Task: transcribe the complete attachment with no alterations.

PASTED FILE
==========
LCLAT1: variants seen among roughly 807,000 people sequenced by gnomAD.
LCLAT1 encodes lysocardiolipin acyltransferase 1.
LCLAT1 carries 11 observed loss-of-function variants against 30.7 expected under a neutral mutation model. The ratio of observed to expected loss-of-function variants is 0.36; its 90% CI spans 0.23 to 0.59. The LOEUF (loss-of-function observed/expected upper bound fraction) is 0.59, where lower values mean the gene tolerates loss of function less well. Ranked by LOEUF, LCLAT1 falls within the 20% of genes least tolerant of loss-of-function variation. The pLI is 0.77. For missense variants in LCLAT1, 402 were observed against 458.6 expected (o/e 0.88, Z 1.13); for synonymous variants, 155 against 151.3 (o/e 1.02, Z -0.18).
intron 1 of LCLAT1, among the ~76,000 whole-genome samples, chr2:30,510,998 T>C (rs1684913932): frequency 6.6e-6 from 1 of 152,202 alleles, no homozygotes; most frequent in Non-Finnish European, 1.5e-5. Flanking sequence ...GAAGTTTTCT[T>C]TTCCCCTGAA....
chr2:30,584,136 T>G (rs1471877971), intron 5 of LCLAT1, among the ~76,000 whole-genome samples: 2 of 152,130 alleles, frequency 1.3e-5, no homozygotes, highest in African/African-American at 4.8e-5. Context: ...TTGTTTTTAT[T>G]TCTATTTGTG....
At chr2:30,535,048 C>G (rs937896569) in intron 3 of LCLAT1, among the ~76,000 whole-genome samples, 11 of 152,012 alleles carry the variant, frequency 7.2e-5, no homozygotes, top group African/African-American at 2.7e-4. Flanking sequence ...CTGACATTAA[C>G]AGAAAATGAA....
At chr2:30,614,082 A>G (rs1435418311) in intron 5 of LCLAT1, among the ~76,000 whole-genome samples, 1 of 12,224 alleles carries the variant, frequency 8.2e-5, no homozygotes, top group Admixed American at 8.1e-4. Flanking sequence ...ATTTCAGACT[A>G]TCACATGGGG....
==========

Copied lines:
LCLAT1: variants seen among roughly 807,000 people sequenced by gnomAD.
LCLAT1 encodes lysocardiolipin acyltransferase 1.
LCLAT1 carries 11 observed loss-of-function variants against 30.7 expected under a neutral mutation model. The ratio of observed to expected loss-of-function variants is 0.36; its 90% CI spans 0.23 to 0.59. The LOEUF (loss-of-function observed/expected upper bound fraction) is 0.59, where lower values mean the gene tolerates loss of function less well. Ranked by LOEUF, LCLAT1 falls within the 20% of genes least tolerant of loss-of-function variation. The pLI is 0.77. For missense variants in LCLAT1, 402 were observed against 458.6 expected (o/e 0.88, Z 1.13); for synonymous variants, 155 against 151.3 (o/e 1.02, Z -0.18).
intron 1 of LCLAT1, among the ~76,000 whole-genome samples, chr2:30,510,998 T>C (rs1684913932): frequency 6.6e-6 from 1 of 152,202 alleles, no homozygotes; most frequent in Non-Finnish European, 1.5e-5. Flanking sequence ...GAAGTTTTCT[T>C]TTCCCCTGAA....
chr2:30,584,136 T>G (rs1471877971), intron 5 of LCLAT1, among the ~76,000 whole-genome samples: 2 of 152,130 alleles, frequency 1.3e-5, no homozygotes, highest in African/African-American at 4.8e-5. Context: ...TTGTTTTTAT[T>G]TCTATTTGTG....
At chr2:30,535,048 C>G (rs937896569) in intron 3 of LCLAT1, among the ~76,000 whole-genome samples, 11 of 152,012 alleles carry the variant, frequency 7.2e-5, no homozygotes, top group African/African-American at 2.7e-4. Flanking sequence ...CTGACATTAA[C>G]AGAAAATGAA....
At chr2:30,614,082 A>G (rs1435418311) in intron 5 of LCLAT1, among the ~76,000 whole-genome samples, 1 of 12,224 alleles carries the variant, frequency 8.2e-5, no homozygotes, top group Admixed American at 8.1e-4. Flanking sequence ...ATTTCAGACT[A>G]TCACATGGGG....